Portal de Boas Práticas em Saúde da Mulher, da Criança e do Adolescente


Assessment and Management of Challenging BI-RADS Category 3 Mammographic Lesions

Tipo de Mídia: Documento .PDF DownloadVisualizar

Michaels AY, Birdwell RL, Chung CS, Frost EP, Giess CS. Assessment and Management of Challenging BI-RADS Category 3 Mammographic Lesions. Radiographics. 2016 Sep-Oct;36(5):1261-72. doi: 10.1148/rg.2016150231. Epub 2016 Aug 19. Review.PubMed PMID: 27541437.

Breast Imaging Reporting and Data System (BI-RADS) category 3 lesions are probably benign by definition and are recommended for short-interval follow-up after a diagnostic workup has been completed. Although the original lexicon-derived BI-RADS category 3 definition applied to lesions without prior imaging studies (when stability could not be determined), in clinical practice, many lesions with prior images may be assigned to BI-RADS category 3. Although the BI-RADS fifth edition specifically delineates lesions that are appropriate for categorization as probably benign, it also specifies that the interpreting radiologist may use his or her discretion and experience to justify a “watchful waiting” approach for lesions that do not meet established criteria. Examples of such lesions include evolving masses or calcifications suggestive of prior trauma and instances when stability cannot be ascertained because of image quality. Although interval change is an important feature of malignancy, many benign lesions also change over time; thus, use of prior imaging studies and ongoing imaging surveillance to demonstrate the evolution of a probably benign lesion is justified. Some examples of common pitfalls associated with inappropriate BI-RADS category 3 assessment include failure to use proper BI-RADS descriptors, failure to perform a complete diagnostic workup, and overreliance on negative ultrasonographic findings. When appropriately used, short-interval follow-up saves many patients from undergoing biopsy of benign lesions, without decreasing the rate of cancer detection.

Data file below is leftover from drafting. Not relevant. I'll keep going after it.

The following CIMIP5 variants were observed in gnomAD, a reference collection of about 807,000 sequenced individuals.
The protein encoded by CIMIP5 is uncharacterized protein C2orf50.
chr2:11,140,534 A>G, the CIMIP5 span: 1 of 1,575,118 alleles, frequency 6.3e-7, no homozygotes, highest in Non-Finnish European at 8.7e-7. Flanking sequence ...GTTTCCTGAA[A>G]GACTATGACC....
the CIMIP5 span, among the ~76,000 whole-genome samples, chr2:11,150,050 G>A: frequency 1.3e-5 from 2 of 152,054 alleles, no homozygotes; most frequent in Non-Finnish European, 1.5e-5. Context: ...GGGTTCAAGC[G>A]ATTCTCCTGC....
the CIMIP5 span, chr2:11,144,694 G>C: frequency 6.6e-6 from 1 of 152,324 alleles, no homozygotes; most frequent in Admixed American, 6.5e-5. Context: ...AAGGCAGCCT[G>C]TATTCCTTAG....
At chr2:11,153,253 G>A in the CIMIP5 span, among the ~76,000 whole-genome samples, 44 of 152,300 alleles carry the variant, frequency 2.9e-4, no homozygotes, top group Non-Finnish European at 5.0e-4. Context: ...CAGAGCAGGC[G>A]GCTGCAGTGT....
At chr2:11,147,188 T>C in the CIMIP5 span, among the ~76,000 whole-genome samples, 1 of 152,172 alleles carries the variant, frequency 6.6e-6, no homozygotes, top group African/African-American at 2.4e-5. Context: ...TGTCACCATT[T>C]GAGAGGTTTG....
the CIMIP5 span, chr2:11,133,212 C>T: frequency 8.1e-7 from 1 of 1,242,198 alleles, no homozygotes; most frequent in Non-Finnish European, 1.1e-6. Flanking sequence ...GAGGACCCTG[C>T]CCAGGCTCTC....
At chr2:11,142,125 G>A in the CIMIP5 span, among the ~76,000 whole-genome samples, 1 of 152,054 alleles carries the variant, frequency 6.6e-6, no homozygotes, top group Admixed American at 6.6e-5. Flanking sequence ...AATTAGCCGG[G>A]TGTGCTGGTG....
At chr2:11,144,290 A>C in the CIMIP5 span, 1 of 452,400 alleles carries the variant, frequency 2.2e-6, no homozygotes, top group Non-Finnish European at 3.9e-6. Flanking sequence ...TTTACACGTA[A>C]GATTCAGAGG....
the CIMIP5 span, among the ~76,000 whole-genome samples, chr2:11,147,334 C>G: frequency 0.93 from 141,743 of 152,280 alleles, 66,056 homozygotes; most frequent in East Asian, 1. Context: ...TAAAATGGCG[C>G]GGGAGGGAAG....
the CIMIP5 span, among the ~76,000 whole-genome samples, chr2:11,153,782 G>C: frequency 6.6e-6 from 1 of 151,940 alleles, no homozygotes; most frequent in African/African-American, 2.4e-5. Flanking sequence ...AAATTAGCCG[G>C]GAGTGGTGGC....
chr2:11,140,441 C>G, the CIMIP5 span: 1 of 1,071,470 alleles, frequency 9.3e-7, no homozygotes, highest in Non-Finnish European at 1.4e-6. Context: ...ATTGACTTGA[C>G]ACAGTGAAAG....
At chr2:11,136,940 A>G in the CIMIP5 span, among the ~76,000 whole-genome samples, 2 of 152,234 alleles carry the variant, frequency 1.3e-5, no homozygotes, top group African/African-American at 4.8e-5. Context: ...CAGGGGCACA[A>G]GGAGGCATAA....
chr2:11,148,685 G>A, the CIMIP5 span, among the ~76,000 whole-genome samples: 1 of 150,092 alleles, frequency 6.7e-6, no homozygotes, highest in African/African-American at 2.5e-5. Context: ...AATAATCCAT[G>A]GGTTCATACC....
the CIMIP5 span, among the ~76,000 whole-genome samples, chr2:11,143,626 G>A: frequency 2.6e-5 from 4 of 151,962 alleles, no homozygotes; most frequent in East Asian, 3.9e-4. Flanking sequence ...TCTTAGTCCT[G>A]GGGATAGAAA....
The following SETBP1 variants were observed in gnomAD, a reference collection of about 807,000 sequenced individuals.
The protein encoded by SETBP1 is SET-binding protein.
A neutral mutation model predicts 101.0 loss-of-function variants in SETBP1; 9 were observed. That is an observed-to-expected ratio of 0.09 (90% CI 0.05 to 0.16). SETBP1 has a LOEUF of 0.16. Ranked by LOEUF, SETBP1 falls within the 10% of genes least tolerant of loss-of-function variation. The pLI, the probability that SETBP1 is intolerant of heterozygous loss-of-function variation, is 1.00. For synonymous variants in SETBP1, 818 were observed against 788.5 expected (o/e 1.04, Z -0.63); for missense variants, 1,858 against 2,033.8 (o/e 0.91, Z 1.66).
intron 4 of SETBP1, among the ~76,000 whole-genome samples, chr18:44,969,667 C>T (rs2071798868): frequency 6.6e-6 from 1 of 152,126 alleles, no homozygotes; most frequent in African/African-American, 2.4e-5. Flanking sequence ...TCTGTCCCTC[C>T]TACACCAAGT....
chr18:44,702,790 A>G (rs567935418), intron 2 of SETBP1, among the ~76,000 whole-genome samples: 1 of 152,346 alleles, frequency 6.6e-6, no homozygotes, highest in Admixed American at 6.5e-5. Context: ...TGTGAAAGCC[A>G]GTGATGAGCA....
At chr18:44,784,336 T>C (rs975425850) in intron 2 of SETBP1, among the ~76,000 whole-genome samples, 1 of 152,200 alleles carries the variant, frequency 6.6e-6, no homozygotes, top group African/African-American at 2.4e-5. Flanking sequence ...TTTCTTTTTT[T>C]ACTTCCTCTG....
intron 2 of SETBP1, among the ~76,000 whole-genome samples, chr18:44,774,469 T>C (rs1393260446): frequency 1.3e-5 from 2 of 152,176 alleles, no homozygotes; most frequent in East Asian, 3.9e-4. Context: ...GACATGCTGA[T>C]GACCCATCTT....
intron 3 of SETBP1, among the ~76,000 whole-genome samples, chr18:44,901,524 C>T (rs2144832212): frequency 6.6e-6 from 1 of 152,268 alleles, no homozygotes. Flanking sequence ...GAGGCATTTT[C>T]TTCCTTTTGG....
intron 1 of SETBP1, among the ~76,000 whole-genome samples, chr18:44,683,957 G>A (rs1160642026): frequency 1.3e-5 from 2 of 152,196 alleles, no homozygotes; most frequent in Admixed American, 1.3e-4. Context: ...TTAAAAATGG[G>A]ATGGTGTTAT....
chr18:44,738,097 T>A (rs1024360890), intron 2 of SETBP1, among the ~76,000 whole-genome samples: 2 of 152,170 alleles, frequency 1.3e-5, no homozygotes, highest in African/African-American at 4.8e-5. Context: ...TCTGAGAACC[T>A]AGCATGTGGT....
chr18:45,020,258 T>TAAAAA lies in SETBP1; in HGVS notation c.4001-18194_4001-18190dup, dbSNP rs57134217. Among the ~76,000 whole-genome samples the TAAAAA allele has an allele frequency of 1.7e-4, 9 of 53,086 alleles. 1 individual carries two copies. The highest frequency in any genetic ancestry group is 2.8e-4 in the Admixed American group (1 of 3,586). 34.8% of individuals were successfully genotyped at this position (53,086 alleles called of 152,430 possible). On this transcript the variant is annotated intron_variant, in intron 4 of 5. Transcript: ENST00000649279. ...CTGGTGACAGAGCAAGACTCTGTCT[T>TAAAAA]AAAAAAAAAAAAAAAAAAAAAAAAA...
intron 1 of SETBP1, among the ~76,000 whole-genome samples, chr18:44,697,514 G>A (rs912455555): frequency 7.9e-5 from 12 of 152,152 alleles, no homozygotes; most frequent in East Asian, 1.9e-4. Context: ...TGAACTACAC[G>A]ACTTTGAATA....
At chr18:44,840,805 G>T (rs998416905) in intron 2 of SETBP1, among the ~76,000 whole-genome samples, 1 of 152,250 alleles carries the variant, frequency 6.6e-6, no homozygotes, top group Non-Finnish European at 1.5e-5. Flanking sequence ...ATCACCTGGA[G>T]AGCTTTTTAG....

Disponível Em: <https://www.ncbi.nlm.nih.gov/>